Controlled Power Technologies reveals modular hybridization solutions at Engine Expo 2011
Fact is, low CO2 vehicles is an evolving market; and Controlled Power Technologies (CPT) has taken a modular approach so as to be at the forefront; and it appears they are ready for production applications.
As I interviewed Mr. Nick Pascoe, CEO of CPT, I got the impression that his company had a very practical and fast approach to lowering CO2 emissions, rather than just waiting for us folks to come up with more money to buy EVs and hybrids.
There was no hint of any pie-in-the-sky expectations with Pascoe, just real engineering solutions that are evolutionary in the IC engine’s step towards green. Furthermore, most of the technology components are available right now to be integrated by automotive OEMs
His also related a philosophy that said a right balance is one that takes technology and costs into account; not that OEMs do not think of these things. However, the CPT approach is to hybridize the IC engine to improve efficiency at a price that the average driver-owner can afford instead of expensive lithium-ion battery solutions.
The CPT system includes three main components:
1) an induction power assist for a 6-20% CO2 reduction;
2) a mechanical torque assist for a 5-25% CO2 reduction; and,
3) a thermal energy recuperation system for a 6% CO2 reduction.
I was a bit surprised that he did not jump into a split-cycle engine discussion, though, as that’s where the beef of engine efficiency gains live. Nonetheless, CPT is aware of the slow and steady approach of automakers; and the company is aware that an engine that shuts down does not pollute, and any system that enables a capture of thermal energy has the potential to also reduce CO2..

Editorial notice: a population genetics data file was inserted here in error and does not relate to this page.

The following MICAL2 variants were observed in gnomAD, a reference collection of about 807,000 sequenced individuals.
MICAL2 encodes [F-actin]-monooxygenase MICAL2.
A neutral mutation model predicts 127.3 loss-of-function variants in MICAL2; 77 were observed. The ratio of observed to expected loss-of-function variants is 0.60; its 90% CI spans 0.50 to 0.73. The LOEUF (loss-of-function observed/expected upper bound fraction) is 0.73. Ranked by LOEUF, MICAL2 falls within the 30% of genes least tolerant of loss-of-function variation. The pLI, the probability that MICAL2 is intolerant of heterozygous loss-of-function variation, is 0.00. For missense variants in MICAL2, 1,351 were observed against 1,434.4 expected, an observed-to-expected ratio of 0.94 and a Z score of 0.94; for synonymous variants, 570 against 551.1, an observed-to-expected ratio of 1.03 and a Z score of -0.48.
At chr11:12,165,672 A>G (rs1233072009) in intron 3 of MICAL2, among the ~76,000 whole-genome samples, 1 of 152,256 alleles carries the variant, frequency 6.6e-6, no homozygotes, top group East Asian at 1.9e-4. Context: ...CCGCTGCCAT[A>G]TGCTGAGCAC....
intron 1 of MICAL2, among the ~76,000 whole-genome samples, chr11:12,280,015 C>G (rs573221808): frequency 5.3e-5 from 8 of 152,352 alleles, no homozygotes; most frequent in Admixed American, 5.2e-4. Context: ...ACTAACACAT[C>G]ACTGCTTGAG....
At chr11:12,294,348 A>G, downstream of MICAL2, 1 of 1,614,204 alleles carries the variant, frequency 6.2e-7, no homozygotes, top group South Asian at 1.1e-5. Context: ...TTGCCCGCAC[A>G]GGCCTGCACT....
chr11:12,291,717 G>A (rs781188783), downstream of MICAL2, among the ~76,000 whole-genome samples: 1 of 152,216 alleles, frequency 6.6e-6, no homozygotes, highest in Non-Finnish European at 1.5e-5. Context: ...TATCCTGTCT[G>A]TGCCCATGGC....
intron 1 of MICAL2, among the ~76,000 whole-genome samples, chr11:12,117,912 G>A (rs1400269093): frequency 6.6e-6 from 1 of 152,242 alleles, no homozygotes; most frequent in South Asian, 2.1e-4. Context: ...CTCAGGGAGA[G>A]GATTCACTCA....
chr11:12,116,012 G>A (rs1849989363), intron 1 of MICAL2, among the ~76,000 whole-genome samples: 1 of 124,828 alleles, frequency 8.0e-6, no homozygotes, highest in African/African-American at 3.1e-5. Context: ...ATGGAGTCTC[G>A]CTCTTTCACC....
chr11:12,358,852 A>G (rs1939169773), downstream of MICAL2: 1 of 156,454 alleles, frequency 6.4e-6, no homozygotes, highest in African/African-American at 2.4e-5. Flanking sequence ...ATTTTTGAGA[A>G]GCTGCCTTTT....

Starting with induction power assist, we have the electric supercharger as a down-sized engine enabler, which can smooth out and fill in on the lower end of the engine RPM range; in other words, improve the low-speed power transition to high boosting from the turbo chargers used on downsized engines. It even functions at the lower power of 12 volt systems that are used today, but can also handle 24V, 36V and 48V systems.
This currently makes CPT as the provider of the only production-ready 12 volt supercharger available as original equipment for passenger car applications.
When I pressed Pascoe about downsizing and its limits, he was very knowledgeable there, too, and quick with rules of thumb. For example, a 30% downsizing of an engine translates roughly into a 15% reduction in CO2. As a writer, I surely can use that simple relation.
Then the product discussion migrated toward the mechanical toque assist with the stop-start system that uses switched reluctance motor technology, as opposed to the expensive and China-controlled permanent magnet motor-generator. This system is called SpeedStart®